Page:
Perhaps it’s a product of our results-oriented society that people have a tendency to feel guilty about their spiritual practice. Or maybe it’s left over, for some of us, from our childhood religions which admonished us to live in a certain way for fear of not achieving salvation. I mean, wow, there’s an excuse for some self-loathing! Not only am I not living up to my spiritual commitments, but now I’m damned for it! What excuse could I possibly have for being *so* lame?

The thing is, in the Craft, that’s not so much of an issue. I’m sure there are differing views on this, but, as I understand it, there is no judgment day at the end of life or at the end of the world.* There’s just another bend on the cycle. And whether the other side of that bend finds me still being “me” or not is of little consequence.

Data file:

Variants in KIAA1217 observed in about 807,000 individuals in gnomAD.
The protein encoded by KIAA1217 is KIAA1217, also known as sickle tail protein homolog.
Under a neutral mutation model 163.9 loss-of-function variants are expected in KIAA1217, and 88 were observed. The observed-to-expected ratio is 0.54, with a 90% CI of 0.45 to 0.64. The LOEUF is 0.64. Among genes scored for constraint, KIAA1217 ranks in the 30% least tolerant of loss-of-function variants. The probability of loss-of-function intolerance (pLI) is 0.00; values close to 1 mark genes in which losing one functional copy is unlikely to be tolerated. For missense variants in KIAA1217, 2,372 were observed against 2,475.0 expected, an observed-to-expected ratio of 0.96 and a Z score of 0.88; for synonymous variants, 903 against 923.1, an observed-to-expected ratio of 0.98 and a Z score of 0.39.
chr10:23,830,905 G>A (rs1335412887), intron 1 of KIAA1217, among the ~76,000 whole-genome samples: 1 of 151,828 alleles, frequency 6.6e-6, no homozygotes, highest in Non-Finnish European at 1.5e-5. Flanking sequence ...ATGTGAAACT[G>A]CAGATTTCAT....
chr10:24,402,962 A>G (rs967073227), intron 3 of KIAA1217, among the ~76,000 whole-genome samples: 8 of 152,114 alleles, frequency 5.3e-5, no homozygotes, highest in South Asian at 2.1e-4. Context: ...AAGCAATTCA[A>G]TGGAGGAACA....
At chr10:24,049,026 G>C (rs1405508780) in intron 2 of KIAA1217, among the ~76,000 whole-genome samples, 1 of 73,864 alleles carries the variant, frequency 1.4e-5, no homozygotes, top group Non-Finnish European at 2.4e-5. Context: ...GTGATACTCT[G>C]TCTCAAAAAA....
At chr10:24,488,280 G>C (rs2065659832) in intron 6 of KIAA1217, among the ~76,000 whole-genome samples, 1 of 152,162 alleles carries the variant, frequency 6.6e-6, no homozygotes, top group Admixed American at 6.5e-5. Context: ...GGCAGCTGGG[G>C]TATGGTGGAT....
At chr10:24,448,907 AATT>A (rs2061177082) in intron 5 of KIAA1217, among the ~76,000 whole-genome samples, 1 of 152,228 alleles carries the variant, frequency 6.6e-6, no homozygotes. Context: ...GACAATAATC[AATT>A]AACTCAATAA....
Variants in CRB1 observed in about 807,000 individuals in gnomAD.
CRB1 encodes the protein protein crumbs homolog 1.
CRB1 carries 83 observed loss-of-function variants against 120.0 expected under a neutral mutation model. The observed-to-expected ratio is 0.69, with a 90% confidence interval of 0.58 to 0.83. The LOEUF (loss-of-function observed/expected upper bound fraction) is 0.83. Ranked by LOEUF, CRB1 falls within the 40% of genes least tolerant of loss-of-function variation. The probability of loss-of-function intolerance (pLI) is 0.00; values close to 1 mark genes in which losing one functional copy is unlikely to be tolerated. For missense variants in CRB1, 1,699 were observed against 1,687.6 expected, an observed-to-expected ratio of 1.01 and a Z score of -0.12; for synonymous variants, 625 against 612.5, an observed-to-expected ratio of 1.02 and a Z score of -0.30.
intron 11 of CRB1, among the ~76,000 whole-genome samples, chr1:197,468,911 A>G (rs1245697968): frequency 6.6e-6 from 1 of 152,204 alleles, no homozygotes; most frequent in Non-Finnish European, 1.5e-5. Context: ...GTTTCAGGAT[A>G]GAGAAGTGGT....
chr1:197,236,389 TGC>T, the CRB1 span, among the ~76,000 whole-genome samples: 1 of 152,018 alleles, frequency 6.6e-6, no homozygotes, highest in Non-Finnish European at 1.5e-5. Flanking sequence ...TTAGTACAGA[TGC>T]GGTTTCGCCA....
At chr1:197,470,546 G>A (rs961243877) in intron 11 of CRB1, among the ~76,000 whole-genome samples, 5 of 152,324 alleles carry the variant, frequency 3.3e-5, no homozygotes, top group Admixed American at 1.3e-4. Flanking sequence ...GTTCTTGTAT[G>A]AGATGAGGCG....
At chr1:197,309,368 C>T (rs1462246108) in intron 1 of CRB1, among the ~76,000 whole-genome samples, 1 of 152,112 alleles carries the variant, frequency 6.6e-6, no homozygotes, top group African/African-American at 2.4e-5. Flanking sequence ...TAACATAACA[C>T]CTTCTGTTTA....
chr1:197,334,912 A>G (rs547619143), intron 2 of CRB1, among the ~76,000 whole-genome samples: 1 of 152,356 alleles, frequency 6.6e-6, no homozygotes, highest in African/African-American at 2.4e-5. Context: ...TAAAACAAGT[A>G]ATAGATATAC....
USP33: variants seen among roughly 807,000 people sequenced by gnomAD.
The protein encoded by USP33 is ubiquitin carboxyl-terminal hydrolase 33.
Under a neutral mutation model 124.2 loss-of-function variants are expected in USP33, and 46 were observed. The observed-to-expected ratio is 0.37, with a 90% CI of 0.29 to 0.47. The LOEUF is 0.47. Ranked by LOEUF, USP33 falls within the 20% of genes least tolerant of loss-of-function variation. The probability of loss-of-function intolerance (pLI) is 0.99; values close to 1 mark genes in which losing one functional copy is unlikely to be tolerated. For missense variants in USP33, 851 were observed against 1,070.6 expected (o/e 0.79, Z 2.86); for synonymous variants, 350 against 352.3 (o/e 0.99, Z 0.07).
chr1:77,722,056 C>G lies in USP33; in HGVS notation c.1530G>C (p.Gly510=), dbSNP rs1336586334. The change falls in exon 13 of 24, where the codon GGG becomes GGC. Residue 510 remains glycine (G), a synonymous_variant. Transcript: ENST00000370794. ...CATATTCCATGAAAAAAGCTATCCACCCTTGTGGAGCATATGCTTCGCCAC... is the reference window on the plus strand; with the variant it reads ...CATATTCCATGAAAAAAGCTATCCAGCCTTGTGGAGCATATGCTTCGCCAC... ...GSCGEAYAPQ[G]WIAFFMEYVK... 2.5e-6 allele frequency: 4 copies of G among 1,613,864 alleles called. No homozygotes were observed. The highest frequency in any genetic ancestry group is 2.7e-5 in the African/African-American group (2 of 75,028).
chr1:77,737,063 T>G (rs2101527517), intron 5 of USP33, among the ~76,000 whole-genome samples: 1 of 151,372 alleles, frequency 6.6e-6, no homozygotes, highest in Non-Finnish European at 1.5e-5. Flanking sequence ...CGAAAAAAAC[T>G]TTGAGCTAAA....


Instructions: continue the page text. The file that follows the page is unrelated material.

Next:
So, then, what is spiritual practice for? Specifically in the Witch’s worldview, but also more generally – from wherever you are standing. Many people would agree that the point is to be “a better person,” whatever we mean by that. My understanding is that the point is to help us become more authentic, more centered, more able, more effective. What good is my practice if it doesn’t help to align me with my True Will, my divine nature – that part of me which knows why I am here and what I want to accomplish – so that I can do what I am here to do in the most effective way possible. Whether you believe that what you are here to do is an assignment from God or just the whim of your particular bag of flesh, why would you want to be anything less than successful at it?